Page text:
A new year, a new you! The beginning of yet another new year is only days away, let us begin to put in some extra time considering what each of us should consider changing in our lives. We must make the necessary changes in the way we live our lives. It’s time to ask yourself, why go through life doing the same old thing, day after day, month after month, and year after year! It is not beneficial to continue to live your lives without new experiences, it’s time for change. We would not have moved up from kindergarten all the way up to 12th grade without learning something new each and every year! 

Does this topic bring some new and exciting things to mind that you are interested in? My older brother who is now 78 years old has decided to learn how to use his computer. Though he has put this off all of his life, it has suddenly become of interest to him. When the student is ready, the teacher will appear!

Let’s take a look at some examples that you can relate to. Colonel Sanders is best known for creating a fried chicken recipe that would become the world’s fast-food chicken chain, Kentucky Fried Chicken. Colonel Harland Sanders was born on Sept. 9, 1890, in Henryville, Indiana. While running a popular Kentucky service station that also served food, his fried chicken was so good that he was designated as a Kentucky colonel. Eventually, Sanders focused on franchising his fried chicken business around the country, collecting a payment for each chicken sold to become the world’s largest fast-food chicken chain.

Each of us can do more than we think. Research has proven how “learned behavior” can affect us. An excellent example is when an elephant is young and small, his owner will chain him to a large tree. The young elephant will try to break free of the chain, but because he is so small and the tree is so large, he is unable to break free. Over time, as the elephant keeps trying to break free, he eventually learns that when he has a chain around his ankle, he cannot break free. He is constrained. Eventually, he just stops trying. Even as the elephant grows larger and stronger, he continues to remember, by associating the chain around his ankle with a physical constraint. He simply tells himself, “I cannot break free from this chain.” He is unable to realize as a baby elephant that his strength alone could help him break free. How can he know? He’s never been a grown-up elephant. His little mind doesn’t know what it does not know.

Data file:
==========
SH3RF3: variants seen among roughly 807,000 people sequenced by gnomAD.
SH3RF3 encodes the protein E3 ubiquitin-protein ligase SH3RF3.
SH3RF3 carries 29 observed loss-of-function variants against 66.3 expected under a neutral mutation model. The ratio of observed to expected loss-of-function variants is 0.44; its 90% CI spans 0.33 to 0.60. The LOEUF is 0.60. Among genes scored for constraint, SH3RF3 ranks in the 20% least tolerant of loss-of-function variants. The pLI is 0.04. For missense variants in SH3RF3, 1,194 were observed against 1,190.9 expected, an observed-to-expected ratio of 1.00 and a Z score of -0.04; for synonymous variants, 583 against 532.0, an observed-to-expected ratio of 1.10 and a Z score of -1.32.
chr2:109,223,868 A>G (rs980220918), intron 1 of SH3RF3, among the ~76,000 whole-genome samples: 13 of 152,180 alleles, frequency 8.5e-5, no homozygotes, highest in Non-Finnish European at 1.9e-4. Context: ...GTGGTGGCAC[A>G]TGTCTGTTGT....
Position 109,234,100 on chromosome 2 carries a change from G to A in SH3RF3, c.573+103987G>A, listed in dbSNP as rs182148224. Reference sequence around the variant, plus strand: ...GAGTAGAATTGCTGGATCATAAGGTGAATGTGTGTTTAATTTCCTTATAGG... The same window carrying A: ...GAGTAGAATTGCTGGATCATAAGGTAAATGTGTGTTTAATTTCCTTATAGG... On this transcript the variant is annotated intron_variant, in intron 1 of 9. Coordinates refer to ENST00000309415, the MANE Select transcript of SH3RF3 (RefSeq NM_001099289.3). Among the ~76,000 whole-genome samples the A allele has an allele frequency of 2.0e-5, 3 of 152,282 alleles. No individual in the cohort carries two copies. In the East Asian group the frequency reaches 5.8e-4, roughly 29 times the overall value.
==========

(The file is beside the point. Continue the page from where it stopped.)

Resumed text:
This is why you can see a grown, seven-ton elephant chained to a small piece of wood lodged in the ground. He won’t try to break free, even though we know he easily could. He is still under the impression that he cannot; that chain equals physical constraint. This story tells us a lot about implied limitations.

Les Brown taught all of us speakers that we must fail our way to success. He told us that each time we fail, we will learn not to do that same thing again the next time, and thus we will be moving ourselves forward. Failure is not an option. It will happen to everyone. It is part of learning; we should never give up the struggle in life.

My challenge to each of you is to try something new this year! In the words of the late, great Dr. Calvin W. Rolark, “If it is to be, it’s up to me!” Start writing your list of things to do in a new journal now so you can be ready to take the necessary steps to make your change happen.

Lyndia Grant is a speaker/writer living in the D.C. area. Her radio show, “Think on These Things,” airs Fridays at 6 p.m. on 1340 AM (WYCB), a Radio One station. To reach Grant, visit her website, www.lyndiagrant.com, email lyndiagrantshowdc@gmail.com or call 240-602-6295. Follow her on Twitter @LyndiaGrant and on Facebook.

Lyndia Grant

A seasoned radio talk show host, national newspaper columnist, and major special events manager, Lyndia is a change agent. Those who experience hearing messages by this powerhouse speaker are changed forever!

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